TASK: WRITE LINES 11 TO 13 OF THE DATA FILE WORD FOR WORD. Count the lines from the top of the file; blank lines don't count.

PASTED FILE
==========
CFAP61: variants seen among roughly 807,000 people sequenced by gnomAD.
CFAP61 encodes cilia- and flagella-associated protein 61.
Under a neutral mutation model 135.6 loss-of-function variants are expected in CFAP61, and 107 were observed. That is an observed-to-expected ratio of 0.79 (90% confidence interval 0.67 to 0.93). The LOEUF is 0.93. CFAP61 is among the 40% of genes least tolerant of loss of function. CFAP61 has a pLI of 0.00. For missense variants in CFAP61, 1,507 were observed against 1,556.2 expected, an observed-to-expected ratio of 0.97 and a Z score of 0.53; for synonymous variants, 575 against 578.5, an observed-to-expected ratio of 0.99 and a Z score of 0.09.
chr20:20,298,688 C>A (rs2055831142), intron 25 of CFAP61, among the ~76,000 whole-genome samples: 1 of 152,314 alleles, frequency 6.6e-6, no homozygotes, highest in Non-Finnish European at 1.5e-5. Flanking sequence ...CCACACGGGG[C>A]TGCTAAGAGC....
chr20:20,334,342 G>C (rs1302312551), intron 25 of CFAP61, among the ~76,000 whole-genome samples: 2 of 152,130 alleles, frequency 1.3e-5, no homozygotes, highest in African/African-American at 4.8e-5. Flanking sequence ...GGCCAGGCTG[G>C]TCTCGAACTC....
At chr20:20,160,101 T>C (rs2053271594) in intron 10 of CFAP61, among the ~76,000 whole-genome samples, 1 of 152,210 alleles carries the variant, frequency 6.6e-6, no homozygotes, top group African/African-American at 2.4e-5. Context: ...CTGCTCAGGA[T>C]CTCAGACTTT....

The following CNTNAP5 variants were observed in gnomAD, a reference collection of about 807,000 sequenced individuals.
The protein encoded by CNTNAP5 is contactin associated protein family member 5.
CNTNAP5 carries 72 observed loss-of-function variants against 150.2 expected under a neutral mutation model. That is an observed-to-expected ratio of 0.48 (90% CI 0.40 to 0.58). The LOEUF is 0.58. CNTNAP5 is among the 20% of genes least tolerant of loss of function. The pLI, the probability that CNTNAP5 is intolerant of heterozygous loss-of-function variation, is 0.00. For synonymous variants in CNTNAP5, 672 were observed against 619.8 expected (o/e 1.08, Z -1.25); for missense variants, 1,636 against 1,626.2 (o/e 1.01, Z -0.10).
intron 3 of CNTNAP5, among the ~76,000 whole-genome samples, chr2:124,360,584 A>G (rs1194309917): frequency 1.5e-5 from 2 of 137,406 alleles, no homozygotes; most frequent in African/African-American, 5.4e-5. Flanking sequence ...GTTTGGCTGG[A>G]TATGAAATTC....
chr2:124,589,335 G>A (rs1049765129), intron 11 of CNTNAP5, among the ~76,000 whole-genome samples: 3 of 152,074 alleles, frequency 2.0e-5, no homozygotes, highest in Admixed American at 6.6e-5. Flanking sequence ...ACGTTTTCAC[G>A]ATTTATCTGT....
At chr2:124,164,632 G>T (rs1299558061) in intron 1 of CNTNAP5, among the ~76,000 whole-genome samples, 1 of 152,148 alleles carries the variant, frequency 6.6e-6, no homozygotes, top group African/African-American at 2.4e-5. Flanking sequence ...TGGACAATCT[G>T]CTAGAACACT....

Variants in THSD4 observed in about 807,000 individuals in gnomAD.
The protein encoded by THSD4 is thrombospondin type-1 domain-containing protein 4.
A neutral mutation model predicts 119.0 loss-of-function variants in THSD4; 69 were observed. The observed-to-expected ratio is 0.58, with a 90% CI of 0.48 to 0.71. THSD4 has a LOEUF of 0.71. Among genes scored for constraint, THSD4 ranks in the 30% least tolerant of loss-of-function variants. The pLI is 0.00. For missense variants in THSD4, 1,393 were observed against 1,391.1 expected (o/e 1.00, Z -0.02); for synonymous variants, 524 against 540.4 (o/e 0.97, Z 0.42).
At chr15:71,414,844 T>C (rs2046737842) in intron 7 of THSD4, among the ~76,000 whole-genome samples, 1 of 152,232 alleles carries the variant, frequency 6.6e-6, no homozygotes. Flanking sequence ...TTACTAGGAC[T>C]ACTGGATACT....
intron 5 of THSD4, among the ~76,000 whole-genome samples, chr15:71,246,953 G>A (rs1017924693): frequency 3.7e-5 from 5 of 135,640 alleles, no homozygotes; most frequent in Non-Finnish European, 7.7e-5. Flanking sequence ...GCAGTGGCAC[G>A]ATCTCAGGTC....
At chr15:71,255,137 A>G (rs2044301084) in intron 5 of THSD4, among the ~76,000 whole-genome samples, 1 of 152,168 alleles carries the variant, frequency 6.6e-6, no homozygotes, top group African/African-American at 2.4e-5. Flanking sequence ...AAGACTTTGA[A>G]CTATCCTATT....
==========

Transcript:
chr2:124,589,335 G>A (rs1049765129), intron 11 of CNTNAP5, among the ~76,000 whole-genome samples: 3 of 152,074 alleles, frequency 2.0e-5, no homozygotes, highest in Admixed American at 6.6e-5. Flanking sequence ...ACGTTTTCAC[G>A]ATTTATCTGT....
At chr2:124,164,632 G>T (rs1299558061) in intron 1 of CNTNAP5, among the ~76,000 whole-genome samples, 1 of 152,148 alleles carries the variant, frequency 6.6e-6, no homozygotes, top group African/African-American at 2.4e-5. Flanking sequence ...TGGACAATCT[G>T]CTAGAACACT....

Variants in THSD4 observed in about 807,000 individuals in gnomAD.